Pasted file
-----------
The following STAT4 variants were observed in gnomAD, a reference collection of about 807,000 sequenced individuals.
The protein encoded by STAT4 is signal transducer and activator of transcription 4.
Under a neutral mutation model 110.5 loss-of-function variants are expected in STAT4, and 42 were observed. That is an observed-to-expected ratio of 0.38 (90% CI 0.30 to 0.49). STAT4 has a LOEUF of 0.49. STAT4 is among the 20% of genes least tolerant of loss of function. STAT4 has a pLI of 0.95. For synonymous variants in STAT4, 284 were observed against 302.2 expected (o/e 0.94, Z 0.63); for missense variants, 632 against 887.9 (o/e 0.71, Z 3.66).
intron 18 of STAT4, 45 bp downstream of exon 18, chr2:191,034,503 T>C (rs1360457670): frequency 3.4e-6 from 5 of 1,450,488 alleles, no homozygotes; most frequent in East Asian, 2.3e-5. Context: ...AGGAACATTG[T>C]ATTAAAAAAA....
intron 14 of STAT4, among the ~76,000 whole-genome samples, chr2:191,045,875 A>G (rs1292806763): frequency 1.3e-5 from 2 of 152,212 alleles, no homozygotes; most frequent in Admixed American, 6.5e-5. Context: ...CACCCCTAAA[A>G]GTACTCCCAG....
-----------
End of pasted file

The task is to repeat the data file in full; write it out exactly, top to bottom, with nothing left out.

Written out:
The following STAT4 variants were observed in gnomAD, a reference collection of about 807,000 sequenced individuals.
The protein encoded by STAT4 is signal transducer and activator of transcription 4.
Under a neutral mutation model 110.5 loss-of-function variants are expected in STAT4, and 42 were observed. That is an observed-to-expected ratio of 0.38 (90% CI 0.30 to 0.49). STAT4 has a LOEUF of 0.49. STAT4 is among the 20% of genes least tolerant of loss of function. STAT4 has a pLI of 0.95. For synonymous variants in STAT4, 284 were observed against 302.2 expected (o/e 0.94, Z 0.63); for missense variants, 632 against 887.9 (o/e 0.71, Z 3.66).
intron 18 of STAT4, 45 bp downstream of exon 18, chr2:191,034,503 T>C (rs1360457670): frequency 3.4e-6 from 5 of 1,450,488 alleles, no homozygotes; most frequent in East Asian, 2.3e-5. Context: ...AGGAACATTG[T>C]ATTAAAAAAA....
intron 14 of STAT4, among the ~76,000 whole-genome samples, chr2:191,045,875 A>G (rs1292806763): frequency 1.3e-5 from 2 of 152,212 alleles, no homozygotes; most frequent in Admixed American, 6.5e-5. Context: ...CACCCCTAAA[A>G]GTACTCCCAG....